William Lewson Burrowes

BMJ 2011; 343 doi: (Published 25 November 2011) Cite this as: BMJ 2011;343:d7363

This article has a correction. Please see:

  1. Peter Burrowes

Born shortly after the first world war, William Lewson Burrowes was the fifth and sole surviving child, triplets having died at birth and an older sister succumbed to appendicitis aged 6. He was educated at Campbell College and Queen’s University, Belfast, and qualified MB BCh BAO, followed by an MD in 1948. After a houseman’s year at Royal Victoria Hospital, he joined the Royal Air Force Volunteer Reserve (RAFVR) and served in Palestine, the Persian Gulf, and Iraq for two years, finishing as squadron leader, senior Marshal of Royal Air Force. (MORAF) in Habbaniya. He returned to Royal Victoria as supernumerary registrar in 1947/8.

In 1948, realising that there were few hospital medicine career opportunities in Northern Ireland, he accepted a six week locum post as a general practitioner in Corsham, Wiltshire through a contact of the then senior partner. The locum post was extended twice, and a partnership followed. He remained at the practice until retirement in 1975, although he continued locum work and DSS assessments for a further five years. He was a clinical assistant in medicine and neuorology at the Royal United Hospital, Bath, from 1951 to 1972. He was a general practitioner trainer, a deputy police surgeon, and he sat on many local committees. He was a president of the Corsham division of St John Ambulance brigade and a serving brother of the order of St John. He was a founder member of a volunteer patient transport charity called Link.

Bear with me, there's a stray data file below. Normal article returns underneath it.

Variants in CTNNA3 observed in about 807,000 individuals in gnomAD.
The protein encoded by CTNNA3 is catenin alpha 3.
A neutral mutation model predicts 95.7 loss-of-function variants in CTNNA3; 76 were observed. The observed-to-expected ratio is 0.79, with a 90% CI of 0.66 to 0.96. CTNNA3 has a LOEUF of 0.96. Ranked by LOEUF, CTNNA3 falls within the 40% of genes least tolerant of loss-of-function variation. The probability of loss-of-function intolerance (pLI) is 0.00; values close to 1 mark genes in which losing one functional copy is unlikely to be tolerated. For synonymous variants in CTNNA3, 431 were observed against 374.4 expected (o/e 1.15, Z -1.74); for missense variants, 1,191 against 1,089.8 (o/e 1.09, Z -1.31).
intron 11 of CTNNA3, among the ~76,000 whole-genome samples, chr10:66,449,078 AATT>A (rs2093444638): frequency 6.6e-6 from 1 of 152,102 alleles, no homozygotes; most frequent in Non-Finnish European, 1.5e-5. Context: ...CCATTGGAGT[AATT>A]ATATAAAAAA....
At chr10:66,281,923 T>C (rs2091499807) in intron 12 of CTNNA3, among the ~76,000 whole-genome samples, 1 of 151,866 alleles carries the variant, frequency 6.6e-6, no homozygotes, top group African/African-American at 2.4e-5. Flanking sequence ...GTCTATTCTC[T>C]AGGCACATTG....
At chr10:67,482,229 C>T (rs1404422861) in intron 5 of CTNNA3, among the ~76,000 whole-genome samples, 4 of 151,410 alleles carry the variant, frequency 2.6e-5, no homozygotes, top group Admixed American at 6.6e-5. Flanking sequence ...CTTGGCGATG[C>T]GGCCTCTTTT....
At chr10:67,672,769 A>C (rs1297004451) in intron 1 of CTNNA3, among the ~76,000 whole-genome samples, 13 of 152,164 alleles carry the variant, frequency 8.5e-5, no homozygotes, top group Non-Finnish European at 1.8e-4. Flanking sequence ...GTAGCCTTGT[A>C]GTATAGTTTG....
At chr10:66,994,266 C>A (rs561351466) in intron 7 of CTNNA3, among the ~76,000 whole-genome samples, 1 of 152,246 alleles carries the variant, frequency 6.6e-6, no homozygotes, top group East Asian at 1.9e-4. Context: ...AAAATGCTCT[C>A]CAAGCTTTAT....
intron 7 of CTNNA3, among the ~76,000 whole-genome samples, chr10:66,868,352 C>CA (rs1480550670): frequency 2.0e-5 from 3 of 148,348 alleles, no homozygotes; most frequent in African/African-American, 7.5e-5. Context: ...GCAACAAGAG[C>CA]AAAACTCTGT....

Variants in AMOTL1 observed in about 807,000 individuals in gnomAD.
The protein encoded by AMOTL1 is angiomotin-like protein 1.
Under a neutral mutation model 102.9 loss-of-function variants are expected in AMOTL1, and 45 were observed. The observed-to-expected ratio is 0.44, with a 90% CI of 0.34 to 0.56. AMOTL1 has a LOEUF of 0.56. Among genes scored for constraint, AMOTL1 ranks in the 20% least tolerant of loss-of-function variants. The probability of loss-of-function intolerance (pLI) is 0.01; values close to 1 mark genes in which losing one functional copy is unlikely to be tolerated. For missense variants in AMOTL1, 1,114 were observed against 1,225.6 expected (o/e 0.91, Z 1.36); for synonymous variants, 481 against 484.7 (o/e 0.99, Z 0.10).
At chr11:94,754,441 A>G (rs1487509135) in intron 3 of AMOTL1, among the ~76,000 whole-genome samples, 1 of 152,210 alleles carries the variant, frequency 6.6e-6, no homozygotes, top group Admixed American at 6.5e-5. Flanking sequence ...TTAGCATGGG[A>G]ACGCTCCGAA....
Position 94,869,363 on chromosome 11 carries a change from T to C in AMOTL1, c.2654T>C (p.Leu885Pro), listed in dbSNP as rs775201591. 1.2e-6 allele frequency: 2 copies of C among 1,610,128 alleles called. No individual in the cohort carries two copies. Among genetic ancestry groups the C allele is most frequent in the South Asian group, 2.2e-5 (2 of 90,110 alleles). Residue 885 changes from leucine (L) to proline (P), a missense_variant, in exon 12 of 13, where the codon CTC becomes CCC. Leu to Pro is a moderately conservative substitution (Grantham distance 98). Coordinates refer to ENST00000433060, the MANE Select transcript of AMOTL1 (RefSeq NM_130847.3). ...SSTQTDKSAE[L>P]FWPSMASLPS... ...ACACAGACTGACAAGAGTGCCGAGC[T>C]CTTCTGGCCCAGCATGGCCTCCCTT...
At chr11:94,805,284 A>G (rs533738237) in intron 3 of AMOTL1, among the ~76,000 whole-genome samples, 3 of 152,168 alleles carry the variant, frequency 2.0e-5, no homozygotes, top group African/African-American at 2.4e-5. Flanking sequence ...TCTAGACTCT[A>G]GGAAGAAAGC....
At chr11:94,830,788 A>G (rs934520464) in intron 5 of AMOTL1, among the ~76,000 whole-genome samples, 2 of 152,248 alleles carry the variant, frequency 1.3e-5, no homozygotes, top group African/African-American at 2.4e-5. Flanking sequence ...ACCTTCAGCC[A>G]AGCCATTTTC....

A keen supporter of the Irish rugby team, he enjoyed playing golf and tennis and was the RAF table tennis champion in 1947. He was a keen gardener. He showed great fortitude after fracturing his femur on Easter Day and maintained his gentle sense of humour throughout. The latest BMJ was always to hand during his time in hospital.

In 1948 he married Nancy, whom he had met at the Royal Victoria Hospital, having delayed the wedding until his return as he did not want to leave her a war widow. He leaves three children, seven grandchildren, and two great grandchildren.


Cite this as: BMJ 2011;343:d7363


  • Former general practitioner, Corsham (b 1920; q Queens University Belfast 1943; MD, MRCPI), d 17 August 2011.

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